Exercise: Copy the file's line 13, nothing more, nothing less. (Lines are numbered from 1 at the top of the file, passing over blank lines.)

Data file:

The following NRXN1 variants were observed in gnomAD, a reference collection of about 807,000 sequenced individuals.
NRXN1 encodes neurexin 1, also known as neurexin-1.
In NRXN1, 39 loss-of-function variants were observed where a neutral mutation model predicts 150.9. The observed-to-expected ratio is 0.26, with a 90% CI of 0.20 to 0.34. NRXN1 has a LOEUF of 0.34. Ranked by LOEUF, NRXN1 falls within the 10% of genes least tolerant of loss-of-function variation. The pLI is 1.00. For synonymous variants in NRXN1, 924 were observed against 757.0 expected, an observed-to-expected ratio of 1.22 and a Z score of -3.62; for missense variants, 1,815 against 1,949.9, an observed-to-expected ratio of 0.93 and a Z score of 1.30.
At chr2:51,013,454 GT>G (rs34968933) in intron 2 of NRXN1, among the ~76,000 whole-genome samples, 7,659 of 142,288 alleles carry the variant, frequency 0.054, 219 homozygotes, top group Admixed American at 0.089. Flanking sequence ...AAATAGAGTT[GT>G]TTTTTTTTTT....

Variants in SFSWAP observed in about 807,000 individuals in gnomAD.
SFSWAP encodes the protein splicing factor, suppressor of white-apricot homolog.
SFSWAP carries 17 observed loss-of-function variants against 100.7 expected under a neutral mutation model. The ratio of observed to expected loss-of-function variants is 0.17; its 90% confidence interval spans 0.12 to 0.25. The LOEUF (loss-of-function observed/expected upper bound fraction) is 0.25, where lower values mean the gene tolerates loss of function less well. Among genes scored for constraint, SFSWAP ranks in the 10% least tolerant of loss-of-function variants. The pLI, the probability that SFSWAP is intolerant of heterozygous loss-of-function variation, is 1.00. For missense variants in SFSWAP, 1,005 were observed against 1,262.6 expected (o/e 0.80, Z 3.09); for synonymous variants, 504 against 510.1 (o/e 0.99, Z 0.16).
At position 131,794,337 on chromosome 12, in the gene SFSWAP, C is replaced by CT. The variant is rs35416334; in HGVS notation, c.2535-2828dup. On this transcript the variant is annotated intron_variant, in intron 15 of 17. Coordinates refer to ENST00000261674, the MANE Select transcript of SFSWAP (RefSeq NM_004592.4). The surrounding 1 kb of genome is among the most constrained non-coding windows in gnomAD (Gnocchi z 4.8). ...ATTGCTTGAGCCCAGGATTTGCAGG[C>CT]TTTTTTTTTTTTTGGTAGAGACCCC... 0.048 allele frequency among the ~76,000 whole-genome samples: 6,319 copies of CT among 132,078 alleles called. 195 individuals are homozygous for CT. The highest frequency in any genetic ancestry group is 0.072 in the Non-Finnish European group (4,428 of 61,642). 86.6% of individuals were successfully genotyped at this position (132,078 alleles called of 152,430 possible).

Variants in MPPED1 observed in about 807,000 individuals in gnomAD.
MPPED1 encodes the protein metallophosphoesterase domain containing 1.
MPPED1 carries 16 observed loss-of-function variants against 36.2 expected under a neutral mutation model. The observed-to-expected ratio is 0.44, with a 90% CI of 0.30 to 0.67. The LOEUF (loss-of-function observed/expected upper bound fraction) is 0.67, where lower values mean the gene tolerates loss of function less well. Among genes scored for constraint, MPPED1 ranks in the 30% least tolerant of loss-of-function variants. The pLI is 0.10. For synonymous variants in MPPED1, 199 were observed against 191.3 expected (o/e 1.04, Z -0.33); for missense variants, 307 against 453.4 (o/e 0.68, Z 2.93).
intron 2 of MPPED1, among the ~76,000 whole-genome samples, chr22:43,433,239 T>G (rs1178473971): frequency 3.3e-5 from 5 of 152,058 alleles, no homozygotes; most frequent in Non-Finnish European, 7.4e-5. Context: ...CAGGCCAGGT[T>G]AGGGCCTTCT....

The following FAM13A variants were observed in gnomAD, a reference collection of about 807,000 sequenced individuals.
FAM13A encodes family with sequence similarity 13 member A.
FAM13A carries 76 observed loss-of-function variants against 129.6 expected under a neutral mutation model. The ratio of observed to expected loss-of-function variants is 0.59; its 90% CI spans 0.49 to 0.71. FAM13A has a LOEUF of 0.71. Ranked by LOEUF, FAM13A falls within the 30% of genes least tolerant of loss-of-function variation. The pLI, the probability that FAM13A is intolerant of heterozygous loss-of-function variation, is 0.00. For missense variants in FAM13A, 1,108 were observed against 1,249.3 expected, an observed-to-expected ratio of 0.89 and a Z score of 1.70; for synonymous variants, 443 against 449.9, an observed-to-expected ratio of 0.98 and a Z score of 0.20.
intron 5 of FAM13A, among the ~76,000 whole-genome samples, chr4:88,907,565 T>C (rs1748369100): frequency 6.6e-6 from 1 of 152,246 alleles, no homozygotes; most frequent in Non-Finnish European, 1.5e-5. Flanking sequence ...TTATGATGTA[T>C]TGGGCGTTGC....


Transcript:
The following FAM13A variants were observed in gnomAD, a reference collection of about 807,000 sequenced individuals.